Compare and contrast.
Track centre at a World Cup event, far less an Olympic Games, is reserved for a ‘mixed zone’ of lanyard-wearing elite: riders, support staff and media. At the Kuipke (Dutch: ‘small bowl’), it is given over to the fans; a veritable sea of cheerily lubricated spectators, consuming the product of event sponsor Primus with enthusiasm. The riders, by contrast, are confined to metal hutches that face out on to the track. The Ghent Six is a race for the people.
The grandstand seats at the perimeter of the track rise steeply into the black extremities of the roof space, but while the view from the stands is superior, track centre is the place to be. The fans stand shoulder to shoulder, plastic glasses raised to lips with a frequency that matches the laps clocked up by the riders. In an impressive display of multi-tasking, however, their attention remains fixed upon the racing, evidenced by cheers and gasps in perfect synchronicity with events on the track.
Ghent's Kuipke track is just 166m long. Its diminutive scale has created vertiginously steep banking and short, narrow straights that demand full concentration from the riders
Somewhere among the throng, young British riders Chris Lawless and Matt Gibson are warming down on rollers, sweat rolling down their cheeks, perhaps from the unmissable glow of satisfaction at a job well done, if not yet finished. Rouleur attends the Ghent Six on the Zaterdag, with a day of racing still to come. They are well-placed, however, having won this evening’s under-23 madison, regaining the overall lead after being surprised by the French the previous evening.
“It’s an amazing event,” Lawless enthuses from his position on the rollers, hands off the bars, wiping his face with a towel. “The atmosphere is so good. It’s a completely new experience.” Like his madison partner, Lawless has ‘grown up’ at the Revolution Series. Victory at the Ghent Six, with its history and atmosphere, feels more special, they agree.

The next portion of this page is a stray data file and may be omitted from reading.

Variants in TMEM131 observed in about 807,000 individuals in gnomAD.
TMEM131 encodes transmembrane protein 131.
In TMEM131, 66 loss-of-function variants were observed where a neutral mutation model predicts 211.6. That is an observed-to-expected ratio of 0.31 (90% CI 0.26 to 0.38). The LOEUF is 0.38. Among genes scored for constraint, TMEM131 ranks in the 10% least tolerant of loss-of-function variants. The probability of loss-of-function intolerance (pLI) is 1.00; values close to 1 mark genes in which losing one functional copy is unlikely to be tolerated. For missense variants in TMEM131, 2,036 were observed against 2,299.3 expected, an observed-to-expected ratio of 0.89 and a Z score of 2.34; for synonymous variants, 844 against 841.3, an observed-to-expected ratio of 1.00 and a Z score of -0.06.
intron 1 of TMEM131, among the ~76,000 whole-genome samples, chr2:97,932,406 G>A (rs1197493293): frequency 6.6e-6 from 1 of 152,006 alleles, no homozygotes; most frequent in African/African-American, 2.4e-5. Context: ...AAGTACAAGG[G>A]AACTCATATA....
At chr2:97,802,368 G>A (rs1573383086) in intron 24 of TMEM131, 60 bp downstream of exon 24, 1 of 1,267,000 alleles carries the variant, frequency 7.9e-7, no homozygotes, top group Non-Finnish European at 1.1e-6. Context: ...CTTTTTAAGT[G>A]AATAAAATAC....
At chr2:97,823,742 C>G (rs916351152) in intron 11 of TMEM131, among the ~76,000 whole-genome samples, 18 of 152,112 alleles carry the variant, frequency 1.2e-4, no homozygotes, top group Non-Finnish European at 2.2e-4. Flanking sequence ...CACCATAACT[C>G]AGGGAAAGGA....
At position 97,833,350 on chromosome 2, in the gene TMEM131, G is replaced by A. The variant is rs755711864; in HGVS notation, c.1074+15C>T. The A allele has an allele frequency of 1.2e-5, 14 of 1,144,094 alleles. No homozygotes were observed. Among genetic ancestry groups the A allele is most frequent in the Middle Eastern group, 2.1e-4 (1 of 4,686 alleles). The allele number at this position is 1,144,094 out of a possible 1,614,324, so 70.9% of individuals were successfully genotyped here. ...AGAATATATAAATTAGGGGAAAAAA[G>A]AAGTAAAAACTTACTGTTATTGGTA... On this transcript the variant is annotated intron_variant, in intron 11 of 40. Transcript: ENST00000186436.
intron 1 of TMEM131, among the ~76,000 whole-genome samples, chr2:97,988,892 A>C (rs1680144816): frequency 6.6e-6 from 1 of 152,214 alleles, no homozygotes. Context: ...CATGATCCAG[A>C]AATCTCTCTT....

The track, a tight circuit of just 166m with vertiginous banking, exacts a greater demand on the riders’ mental faculties than the Olympic distance 250m circuits - the standard of London, Manchester, and Glasgow - on which, until now, they have learned their trade. The Kuipke offers no respite. Not only are the straights shorter, Lawless explains, but narrower too, making a touch of wheels a frighteningly real prospect, if maximum concentration is not maintained.
Simon Cope, a coach with British Cycling’s vaunted Academy, barks instructions to the pair from a position at the exit of the final bend. As his riders pass, he turns back to a printed schedule. A giant electronic screen keeps spectators up to date with the race that’s unfolding, he explains, but not with the various positions of the teams in what might be described as the general classification. This is Cope’s goal for his young charges, and a day later, one that they achieve. Job done, for now at least: Lawless and Gibson are also racing for a longed-for slot on the senior team at the final round of the World Cup in Cali. “You’ll see some of the Academy,” Cope tells Rouleur. “Who it will be at the moment, I don’t know, because there are nine riders [in contention].”
Track centre is reserved for lanyard-wearing elite at World Cup events; not so the Ghent Six, an event that belongs to the people
Gibson and Lawless are aware that their selection is far from a foregone conclusion, despite their excellent performances in over a week of racing in Belgium that began with an international on the 250m track at the Eddy Merckx Centre (Belgium has two indoor tracks, and both are in Ghent). They need not look far for inspiration. Merckx himself is in attendance on this penultimate day of the 2014 Ghent Six, his appearance prompting immediate chants of “Eddy, Eddy”. For the riders on the Academy programme, Mark Cavendish’s participation provides a more tangible example of the type of career that can be built on such meticulously prepared foundations. “It’s our race, then their race - Cav racing with Iljo Keisse,” Gibson tells Rouleur. “It just shows where I could be if I continue that progression.”
Cavendish is, of course, the most illustrious graduate of the Academy, but it is a different heritage that he is mining this evening. A student of the sport, the significance of riding in the colours of a Belgian team, and with a Belgian partner, at the Ghent Six will not be lost upon him.